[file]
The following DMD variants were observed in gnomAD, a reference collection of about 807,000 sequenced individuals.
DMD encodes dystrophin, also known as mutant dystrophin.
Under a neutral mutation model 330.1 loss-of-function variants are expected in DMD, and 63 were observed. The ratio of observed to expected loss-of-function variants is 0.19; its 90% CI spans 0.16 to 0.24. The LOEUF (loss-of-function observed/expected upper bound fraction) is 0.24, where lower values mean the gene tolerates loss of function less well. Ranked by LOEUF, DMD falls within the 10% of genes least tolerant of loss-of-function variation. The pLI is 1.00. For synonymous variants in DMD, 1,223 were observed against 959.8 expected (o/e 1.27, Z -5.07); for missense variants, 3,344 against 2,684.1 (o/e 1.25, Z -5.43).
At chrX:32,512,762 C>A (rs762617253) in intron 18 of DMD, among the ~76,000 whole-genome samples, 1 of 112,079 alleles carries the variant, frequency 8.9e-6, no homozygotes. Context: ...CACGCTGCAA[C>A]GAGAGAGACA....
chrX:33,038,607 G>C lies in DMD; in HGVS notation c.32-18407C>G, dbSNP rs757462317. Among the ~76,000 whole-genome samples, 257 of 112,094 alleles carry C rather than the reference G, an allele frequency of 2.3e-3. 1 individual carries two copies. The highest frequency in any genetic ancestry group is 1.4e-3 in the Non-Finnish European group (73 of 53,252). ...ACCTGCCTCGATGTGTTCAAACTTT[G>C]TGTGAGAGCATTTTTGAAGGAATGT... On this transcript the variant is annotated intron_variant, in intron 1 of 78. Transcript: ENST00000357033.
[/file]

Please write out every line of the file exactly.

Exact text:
The following DMD variants were observed in gnomAD, a reference collection of about 807,000 sequenced individuals.
DMD encodes dystrophin, also known as mutant dystrophin.
Under a neutral mutation model 330.1 loss-of-function variants are expected in DMD, and 63 were observed. The ratio of observed to expected loss-of-function variants is 0.19; its 90% CI spans 0.16 to 0.24. The LOEUF (loss-of-function observed/expected upper bound fraction) is 0.24, where lower values mean the gene tolerates loss of function less well. Ranked by LOEUF, DMD falls within the 10% of genes least tolerant of loss-of-function variation. The pLI is 1.00. For synonymous variants in DMD, 1,223 were observed against 959.8 expected (o/e 1.27, Z -5.07); for missense variants, 3,344 against 2,684.1 (o/e 1.25, Z -5.43).
At chrX:32,512,762 C>A (rs762617253) in intron 18 of DMD, among the ~76,000 whole-genome samples, 1 of 112,079 alleles carries the variant, frequency 8.9e-6, no homozygotes. Context: ...CACGCTGCAA[C>A]GAGAGAGACA....
chrX:33,038,607 G>C lies in DMD; in HGVS notation c.32-18407C>G, dbSNP rs757462317. Among the ~76,000 whole-genome samples, 257 of 112,094 alleles carry C rather than the reference G, an allele frequency of 2.3e-3. 1 individual carries two copies. The highest frequency in any genetic ancestry group is 1.4e-3 in the Non-Finnish European group (73 of 53,252). ...ACCTGCCTCGATGTGTTCAAACTTT[G>C]TGTGAGAGCATTTTTGAAGGAATGT... On this transcript the variant is annotated intron_variant, in intron 1 of 78. Transcript: ENST00000357033.